6) Audio visual notifications
If you do not have good hearing or if you keep your computer’s volume always at zero, visual warnings to signal notifications can be useful. In the Accessibility Settings, section Audio, you can choose which type of visual notification to receive, whether to flash the title bar of a window or the entire screen.

7) On-screen keyboard
The on-screen virtual keyboard is very useful on portable PCs to write passwords without risking that malware could intercept the keys typed on the real keyboard. It can be activated both from the Accessibility Settings and, at any time, by pressing the keys together Windows – CTRL – O.

8) Acutstic signals
Always in the Accessibility Settings of the keyboard it is possible to activate or deactivate the beep that can be heard when Caps Lock, Scroll Lock and Num Lock is activated. This is not only for those with vision problems but a utility for everyone, since it is often impossible to understand, especially on laptops, because the numeric keypad does not work and because each key pressed is written in capital letters. The Caps Lock would be the Caps lock key which, in the standard keyboard, illuminates a light on the top right.

9) Stamp key to capture the screen
Still in the keyboard accessibility settings, you can make sure that, by pressing the Stamp key, the Windows 10 screen capture tool opens. Normally the Stamp key allows you to take a picture of the screen, but does not display anything and it is necessary “paste” the screenshot into a photo editor. If instead you activate the capture tool, you can customize the screenshot, cut out the area to save and draw or write on it.

10) Control the mouse using the keyboard
In the Settings of Accessibility, to the section Mouse, you can activate the function of mouse control with the keyboard using the keys of the numeric keypad.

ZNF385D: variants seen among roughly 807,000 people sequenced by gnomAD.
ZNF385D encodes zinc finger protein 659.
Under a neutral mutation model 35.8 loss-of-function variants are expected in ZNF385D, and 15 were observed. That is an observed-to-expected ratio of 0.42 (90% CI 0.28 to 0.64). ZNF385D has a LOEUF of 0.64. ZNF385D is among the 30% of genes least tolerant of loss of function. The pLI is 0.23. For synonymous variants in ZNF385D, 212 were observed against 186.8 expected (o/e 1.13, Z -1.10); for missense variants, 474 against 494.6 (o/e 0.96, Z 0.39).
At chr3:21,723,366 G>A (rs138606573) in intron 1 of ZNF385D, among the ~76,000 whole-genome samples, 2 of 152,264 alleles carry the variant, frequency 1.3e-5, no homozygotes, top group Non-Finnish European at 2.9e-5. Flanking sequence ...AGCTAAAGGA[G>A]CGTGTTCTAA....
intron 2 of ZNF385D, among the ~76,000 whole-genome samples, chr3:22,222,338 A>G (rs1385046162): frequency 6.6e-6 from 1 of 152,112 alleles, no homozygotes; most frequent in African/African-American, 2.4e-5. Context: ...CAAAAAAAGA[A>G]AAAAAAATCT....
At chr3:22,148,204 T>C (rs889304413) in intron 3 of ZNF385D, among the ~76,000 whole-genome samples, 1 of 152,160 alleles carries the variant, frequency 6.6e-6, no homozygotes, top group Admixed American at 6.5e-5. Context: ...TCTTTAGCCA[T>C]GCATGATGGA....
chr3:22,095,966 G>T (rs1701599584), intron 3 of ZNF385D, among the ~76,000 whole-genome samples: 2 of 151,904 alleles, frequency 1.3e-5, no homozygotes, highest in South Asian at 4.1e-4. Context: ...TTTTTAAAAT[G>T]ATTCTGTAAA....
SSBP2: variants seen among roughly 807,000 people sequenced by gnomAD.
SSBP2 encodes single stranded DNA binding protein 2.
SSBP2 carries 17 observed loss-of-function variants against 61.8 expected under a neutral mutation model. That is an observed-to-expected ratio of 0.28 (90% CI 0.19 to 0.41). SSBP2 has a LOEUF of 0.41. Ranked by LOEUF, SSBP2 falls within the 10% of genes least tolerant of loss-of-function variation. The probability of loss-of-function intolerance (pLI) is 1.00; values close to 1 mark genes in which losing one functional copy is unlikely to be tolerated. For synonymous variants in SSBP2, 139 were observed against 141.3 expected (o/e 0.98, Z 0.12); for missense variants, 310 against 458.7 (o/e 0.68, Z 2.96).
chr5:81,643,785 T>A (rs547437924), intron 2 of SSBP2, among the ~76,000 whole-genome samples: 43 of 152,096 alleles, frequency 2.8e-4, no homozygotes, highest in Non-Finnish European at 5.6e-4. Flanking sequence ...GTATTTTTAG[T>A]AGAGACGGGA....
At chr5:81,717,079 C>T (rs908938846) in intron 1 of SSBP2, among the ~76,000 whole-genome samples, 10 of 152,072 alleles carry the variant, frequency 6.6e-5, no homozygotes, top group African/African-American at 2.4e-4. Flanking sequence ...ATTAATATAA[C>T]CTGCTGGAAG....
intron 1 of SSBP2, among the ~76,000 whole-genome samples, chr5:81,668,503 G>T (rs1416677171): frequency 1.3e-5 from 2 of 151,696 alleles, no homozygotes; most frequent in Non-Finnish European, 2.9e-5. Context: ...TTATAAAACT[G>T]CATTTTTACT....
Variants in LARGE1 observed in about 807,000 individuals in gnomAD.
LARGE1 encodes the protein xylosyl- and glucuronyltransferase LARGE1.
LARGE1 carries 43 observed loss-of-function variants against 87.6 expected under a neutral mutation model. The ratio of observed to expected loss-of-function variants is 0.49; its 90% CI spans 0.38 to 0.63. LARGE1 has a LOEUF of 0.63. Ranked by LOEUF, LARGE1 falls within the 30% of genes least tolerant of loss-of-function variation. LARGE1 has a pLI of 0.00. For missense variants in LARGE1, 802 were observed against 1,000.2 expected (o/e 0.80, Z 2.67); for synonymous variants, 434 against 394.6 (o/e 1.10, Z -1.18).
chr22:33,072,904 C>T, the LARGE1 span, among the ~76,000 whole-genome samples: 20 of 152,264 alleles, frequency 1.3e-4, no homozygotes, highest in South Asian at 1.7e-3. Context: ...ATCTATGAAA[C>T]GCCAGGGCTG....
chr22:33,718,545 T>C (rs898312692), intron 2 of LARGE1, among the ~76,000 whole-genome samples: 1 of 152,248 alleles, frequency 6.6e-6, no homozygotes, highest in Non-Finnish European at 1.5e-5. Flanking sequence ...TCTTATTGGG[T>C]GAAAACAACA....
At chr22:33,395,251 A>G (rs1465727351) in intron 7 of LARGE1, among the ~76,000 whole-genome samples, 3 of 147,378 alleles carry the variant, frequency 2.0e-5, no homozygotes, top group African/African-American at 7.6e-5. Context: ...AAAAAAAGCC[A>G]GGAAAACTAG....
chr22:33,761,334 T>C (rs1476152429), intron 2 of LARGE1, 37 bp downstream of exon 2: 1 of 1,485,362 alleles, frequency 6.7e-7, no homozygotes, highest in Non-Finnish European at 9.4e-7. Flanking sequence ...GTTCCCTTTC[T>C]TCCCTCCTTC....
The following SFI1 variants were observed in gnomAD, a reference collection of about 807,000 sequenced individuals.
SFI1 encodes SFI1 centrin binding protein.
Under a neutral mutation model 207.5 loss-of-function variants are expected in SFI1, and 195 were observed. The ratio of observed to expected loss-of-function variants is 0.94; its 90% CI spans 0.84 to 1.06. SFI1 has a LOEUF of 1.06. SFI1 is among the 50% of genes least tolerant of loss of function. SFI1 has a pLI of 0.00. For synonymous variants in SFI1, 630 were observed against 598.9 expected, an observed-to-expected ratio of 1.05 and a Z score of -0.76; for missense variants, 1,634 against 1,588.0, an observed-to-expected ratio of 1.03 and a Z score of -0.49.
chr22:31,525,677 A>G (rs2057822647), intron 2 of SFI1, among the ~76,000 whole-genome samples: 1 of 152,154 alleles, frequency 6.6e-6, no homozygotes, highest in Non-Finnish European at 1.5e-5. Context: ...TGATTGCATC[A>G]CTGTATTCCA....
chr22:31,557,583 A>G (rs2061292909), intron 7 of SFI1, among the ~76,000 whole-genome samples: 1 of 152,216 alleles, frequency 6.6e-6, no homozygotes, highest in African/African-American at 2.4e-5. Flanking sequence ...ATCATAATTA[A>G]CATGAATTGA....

Then you must adjust the speed of movement of the arrow by clicking on set pointer control.
Another article reports a program with more options for moving the mouse pointer with the keyboard.

11) Make a window active without having to click on it
You can activate any window simply by hovering over it and staying for a few seconds. This option is not found in Settings, but in the Accessibility Center which is located in the Control Panel, going to “Facilitates the use of the mouse“.
In Windows 10, going into Settings> Devices> Mouse, you can turn on the option for scroll idle windows on mouseover, very helpful.
In another post you can download an excellent tool to move and read the windows in the background.

Finally, I remember that in Windows 10 it is still possible (as in Windows 7) to change all the settings seen above, also from the Control Panelby clicking on the Accessibility center. From here, you can press on Change access settings to automatically activate the assisted technologies when the PC starts.

In another article, the best accessories of Windows 7, among the least known and hidden.